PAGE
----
United Kingdom and Poland: a new “special relationship”?

It was rather a bumpy ride. Even if there was never a war between Poland and the United Kingdom the bilateral relations between two countries over the last century were rather sinusoidal. Recently, Brexit complicated Polish-British relations even more, but the Russian aggression on Ukraine in 2022 lifted them up and took them to a whole new level: strategic cooperation. As long as the security issues will be a priority, British-Polish relations remain strong.

Land and sea powers

Nobel Prize winner and poet, Czesław Miłosz wrote in his book „Family Europe” some words about the Polish-Lithuanian Commonwealth, an electoral monarchy established as such in 1569. The common Polish-Lithuanian state connected communities, nations, and lands between the Baltic and the Black Sea, being at the time the greatest land power of Europe and the gate for the continental connections with Asia. In the same historical moment, in the other part of Europe, another great power emerged the United Kingdom. One was by land power, the other by sea power.

The word Commonwealth used by Czesław Miłosz to describe the Polish-Lithuanian state is nothing more than a calque of the British solution, the beginning of which was the union of England and Scotland in 1707 — historically a bit later, but much better known in the world. In his book the Lithuanian-born poet also wrote about the kind of worldview, at the time when Queen Elizabeth I ruled in London; an imagination in which „the masts of the fast ships chasing Spanish galleons off Jamaica and Barbados were mostly from my country”. This „my country” for the poet was exactly the Polish-Lithuanian Commonwealth — for the world of those times, rich in forests, wood, and crops, which it traded with practically the entire world at that time, especially the Brits and Dutch. If the early „globalization” of the 17th century was based on the invention of modern ships — caravels — it could not have happened without Central European Commonwealth, which provided all the necessary raw materials for their construction.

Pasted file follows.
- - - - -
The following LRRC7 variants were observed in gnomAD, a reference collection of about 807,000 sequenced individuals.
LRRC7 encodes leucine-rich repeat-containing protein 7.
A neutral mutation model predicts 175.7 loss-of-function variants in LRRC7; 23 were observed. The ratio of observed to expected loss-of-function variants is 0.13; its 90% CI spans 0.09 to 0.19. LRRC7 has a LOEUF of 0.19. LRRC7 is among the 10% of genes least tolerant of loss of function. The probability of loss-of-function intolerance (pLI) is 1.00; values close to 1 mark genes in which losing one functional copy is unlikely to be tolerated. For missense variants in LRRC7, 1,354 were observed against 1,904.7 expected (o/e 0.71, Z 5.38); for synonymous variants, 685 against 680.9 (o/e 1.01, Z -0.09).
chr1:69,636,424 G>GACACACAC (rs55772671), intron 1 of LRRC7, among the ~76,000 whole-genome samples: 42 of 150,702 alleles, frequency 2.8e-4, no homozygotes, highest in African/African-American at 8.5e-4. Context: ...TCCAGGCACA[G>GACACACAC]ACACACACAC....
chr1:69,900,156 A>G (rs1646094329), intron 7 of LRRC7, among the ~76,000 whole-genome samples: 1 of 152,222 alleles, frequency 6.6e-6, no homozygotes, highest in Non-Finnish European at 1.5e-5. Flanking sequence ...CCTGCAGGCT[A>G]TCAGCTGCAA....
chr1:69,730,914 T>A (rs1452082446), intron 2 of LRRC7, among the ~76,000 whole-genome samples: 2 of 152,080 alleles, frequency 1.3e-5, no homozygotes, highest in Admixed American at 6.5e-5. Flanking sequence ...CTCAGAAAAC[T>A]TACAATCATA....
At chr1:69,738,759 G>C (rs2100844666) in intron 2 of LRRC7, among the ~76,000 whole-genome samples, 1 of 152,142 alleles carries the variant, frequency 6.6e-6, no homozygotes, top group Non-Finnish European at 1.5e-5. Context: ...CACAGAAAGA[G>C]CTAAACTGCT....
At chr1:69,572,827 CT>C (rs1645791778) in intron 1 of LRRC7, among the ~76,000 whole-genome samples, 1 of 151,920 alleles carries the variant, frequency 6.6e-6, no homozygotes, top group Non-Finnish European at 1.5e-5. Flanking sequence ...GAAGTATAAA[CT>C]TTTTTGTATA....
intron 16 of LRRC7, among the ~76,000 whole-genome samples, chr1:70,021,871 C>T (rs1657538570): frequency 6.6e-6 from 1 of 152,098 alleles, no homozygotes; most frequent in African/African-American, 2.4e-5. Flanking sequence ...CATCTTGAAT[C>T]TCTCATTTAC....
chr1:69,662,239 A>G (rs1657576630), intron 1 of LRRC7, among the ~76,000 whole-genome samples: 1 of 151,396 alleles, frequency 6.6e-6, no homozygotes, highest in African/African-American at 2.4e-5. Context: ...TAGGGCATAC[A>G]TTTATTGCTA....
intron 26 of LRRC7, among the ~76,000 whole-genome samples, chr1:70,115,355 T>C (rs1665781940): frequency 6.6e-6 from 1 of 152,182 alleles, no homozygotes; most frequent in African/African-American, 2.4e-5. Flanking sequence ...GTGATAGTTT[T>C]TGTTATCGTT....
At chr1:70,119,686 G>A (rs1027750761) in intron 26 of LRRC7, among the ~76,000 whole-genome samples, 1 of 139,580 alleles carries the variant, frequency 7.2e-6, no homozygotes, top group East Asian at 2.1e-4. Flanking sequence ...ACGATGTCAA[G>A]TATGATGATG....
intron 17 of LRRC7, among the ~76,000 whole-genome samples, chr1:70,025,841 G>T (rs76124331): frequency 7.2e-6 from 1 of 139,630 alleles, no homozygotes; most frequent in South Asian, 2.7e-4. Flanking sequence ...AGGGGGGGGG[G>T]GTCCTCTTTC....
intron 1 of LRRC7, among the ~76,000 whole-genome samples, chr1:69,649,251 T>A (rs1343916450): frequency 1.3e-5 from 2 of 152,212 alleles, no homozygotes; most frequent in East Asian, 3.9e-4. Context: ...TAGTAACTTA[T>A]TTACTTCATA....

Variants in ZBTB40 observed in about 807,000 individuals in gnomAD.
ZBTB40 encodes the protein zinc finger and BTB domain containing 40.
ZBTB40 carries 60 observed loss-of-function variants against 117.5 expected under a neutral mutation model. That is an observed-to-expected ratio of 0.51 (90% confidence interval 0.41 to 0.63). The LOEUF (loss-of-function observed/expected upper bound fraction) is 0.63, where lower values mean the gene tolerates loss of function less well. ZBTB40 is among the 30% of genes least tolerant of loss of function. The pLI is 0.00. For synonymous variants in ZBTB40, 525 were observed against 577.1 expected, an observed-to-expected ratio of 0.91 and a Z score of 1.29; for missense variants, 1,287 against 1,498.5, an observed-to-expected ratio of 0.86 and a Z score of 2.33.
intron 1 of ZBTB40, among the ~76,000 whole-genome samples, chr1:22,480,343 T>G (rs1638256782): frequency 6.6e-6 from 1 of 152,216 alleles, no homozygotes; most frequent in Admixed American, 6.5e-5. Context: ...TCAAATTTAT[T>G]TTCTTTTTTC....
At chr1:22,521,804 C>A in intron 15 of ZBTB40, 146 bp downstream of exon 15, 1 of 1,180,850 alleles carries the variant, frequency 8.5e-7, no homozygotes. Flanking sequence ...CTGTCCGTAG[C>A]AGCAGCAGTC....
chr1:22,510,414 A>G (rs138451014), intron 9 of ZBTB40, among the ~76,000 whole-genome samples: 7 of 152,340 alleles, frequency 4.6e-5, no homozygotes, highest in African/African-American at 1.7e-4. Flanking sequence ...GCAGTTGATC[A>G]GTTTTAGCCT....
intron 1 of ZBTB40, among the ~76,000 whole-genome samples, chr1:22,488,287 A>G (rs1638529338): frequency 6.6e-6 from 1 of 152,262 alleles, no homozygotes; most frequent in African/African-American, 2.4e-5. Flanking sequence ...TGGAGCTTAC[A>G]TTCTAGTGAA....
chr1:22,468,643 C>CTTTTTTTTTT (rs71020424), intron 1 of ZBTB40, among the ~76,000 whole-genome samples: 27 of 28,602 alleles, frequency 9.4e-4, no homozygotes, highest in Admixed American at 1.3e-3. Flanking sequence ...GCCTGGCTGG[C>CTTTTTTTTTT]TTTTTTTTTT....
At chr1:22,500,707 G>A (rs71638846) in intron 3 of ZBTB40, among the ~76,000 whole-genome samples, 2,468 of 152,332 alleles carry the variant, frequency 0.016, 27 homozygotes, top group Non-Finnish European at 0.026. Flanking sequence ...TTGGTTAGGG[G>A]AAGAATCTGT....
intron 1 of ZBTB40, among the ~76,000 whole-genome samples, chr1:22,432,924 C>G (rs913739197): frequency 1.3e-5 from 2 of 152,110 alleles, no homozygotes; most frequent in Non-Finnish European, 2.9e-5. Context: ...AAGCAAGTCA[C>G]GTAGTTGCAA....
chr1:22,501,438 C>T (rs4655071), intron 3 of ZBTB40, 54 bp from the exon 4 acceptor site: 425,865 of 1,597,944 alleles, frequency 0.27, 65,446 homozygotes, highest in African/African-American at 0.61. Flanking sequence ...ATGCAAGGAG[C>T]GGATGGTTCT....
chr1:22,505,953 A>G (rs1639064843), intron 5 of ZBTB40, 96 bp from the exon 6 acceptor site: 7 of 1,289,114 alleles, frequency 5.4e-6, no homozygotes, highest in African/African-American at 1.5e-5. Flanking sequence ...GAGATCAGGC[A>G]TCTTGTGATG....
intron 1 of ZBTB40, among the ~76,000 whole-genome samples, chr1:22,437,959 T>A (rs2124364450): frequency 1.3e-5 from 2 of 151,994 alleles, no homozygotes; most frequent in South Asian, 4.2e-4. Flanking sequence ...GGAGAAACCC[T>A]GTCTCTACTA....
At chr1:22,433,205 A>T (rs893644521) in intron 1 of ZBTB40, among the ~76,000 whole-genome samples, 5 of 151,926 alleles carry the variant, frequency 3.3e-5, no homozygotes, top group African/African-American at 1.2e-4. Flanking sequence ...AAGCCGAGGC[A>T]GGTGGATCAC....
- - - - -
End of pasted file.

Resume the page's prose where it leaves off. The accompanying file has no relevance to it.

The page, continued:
Let this connection, legendary on one hand, and very concrete on the other, serve as a proper description of Polish-British relations. When the Battle of Hastings in 1066 took place on England’s southeast coast, Bolesław II the Bold, third King of Poland from the Piast dynasty, ruled in the first Polish capital, Gniezno; when the English Magna Carta was presented in 1215, the first Polish immunity privilege for the Church was granted by the Piast dynasty dukes: the clergy gained considerable independence from the state authority. Developed later different kinds of charters of liberties, e.g. Statue of Kalisz or Statutes of Nieszawa — the signature mark of the Polish-Lithuanian Commonwealth law order — had the very same core value, as the British Habeas Corpus Act from 1679: ensuring the freedom of the individual.